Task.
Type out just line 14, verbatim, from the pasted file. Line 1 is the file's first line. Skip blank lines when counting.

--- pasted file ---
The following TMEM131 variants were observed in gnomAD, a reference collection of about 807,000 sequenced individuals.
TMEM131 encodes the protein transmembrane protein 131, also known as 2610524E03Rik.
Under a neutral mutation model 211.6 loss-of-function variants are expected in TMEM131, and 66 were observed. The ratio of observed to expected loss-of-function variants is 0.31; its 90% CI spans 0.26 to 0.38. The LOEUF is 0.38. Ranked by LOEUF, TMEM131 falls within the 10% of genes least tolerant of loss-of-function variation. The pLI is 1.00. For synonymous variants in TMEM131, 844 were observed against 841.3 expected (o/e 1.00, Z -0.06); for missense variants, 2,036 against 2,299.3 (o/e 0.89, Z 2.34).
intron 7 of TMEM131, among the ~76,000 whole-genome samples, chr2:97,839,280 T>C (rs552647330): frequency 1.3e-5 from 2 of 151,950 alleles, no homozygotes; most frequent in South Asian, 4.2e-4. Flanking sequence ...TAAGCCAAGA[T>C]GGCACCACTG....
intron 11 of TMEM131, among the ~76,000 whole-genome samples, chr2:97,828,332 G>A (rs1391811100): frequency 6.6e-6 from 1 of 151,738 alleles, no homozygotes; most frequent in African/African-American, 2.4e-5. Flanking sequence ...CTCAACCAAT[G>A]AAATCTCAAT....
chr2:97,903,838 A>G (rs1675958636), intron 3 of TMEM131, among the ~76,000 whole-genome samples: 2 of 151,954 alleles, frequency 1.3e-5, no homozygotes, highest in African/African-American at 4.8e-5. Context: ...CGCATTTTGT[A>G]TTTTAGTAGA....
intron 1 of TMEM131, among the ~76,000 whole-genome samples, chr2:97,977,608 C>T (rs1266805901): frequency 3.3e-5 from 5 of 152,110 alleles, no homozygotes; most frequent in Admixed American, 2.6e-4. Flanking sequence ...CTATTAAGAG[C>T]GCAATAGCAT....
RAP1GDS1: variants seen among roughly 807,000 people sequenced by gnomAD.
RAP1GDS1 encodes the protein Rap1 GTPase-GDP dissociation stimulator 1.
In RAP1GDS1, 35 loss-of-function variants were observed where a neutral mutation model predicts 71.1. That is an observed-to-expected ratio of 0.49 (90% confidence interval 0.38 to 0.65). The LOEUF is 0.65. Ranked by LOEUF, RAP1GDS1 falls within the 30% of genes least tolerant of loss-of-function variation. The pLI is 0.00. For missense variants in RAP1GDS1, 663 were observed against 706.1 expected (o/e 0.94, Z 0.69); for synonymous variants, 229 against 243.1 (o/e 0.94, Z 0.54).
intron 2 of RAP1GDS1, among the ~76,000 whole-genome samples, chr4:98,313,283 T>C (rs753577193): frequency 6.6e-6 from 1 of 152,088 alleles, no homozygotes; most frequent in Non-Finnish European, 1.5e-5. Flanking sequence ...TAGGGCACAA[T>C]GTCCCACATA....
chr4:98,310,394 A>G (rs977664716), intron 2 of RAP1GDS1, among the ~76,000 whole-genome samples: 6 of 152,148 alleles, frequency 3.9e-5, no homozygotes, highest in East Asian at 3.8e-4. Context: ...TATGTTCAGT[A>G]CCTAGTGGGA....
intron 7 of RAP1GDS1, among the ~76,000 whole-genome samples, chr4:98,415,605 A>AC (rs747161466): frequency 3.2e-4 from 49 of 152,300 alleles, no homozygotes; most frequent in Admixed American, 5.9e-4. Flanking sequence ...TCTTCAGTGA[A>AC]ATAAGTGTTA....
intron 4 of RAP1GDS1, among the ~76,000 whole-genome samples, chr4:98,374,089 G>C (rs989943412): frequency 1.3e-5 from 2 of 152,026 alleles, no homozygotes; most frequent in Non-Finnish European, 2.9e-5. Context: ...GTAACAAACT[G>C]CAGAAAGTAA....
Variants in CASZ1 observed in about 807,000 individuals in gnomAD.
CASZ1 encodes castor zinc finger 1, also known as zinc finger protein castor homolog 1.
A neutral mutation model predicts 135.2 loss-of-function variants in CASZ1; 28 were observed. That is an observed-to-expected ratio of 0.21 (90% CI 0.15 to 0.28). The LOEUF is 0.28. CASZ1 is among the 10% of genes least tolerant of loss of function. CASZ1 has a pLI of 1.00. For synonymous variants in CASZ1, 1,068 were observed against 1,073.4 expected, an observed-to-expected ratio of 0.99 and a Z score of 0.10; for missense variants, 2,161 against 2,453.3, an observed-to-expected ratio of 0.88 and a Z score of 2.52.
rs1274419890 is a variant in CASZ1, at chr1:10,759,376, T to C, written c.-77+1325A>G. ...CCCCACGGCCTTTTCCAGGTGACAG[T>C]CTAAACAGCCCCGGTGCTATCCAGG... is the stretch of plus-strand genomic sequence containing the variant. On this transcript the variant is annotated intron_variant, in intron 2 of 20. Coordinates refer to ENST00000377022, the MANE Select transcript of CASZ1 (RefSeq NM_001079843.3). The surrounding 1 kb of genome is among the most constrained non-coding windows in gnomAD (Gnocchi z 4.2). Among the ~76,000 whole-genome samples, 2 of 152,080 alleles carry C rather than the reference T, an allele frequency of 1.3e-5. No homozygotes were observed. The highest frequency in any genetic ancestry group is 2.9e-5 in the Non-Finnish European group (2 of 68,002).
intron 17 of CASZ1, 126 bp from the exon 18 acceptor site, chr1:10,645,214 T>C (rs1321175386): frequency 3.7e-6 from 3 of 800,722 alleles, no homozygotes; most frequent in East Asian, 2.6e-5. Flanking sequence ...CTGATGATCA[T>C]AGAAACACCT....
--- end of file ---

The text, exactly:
intron 4 of RAP1GDS1, among the ~76,000 whole-genome samples, chr4:98,374,089 G>C (rs989943412): frequency 1.3e-5 from 2 of 152,026 alleles, no homozygotes; most frequent in Non-Finnish European, 2.9e-5. Context: ...GTAACAAACT[G>C]CAGAAAGTAA....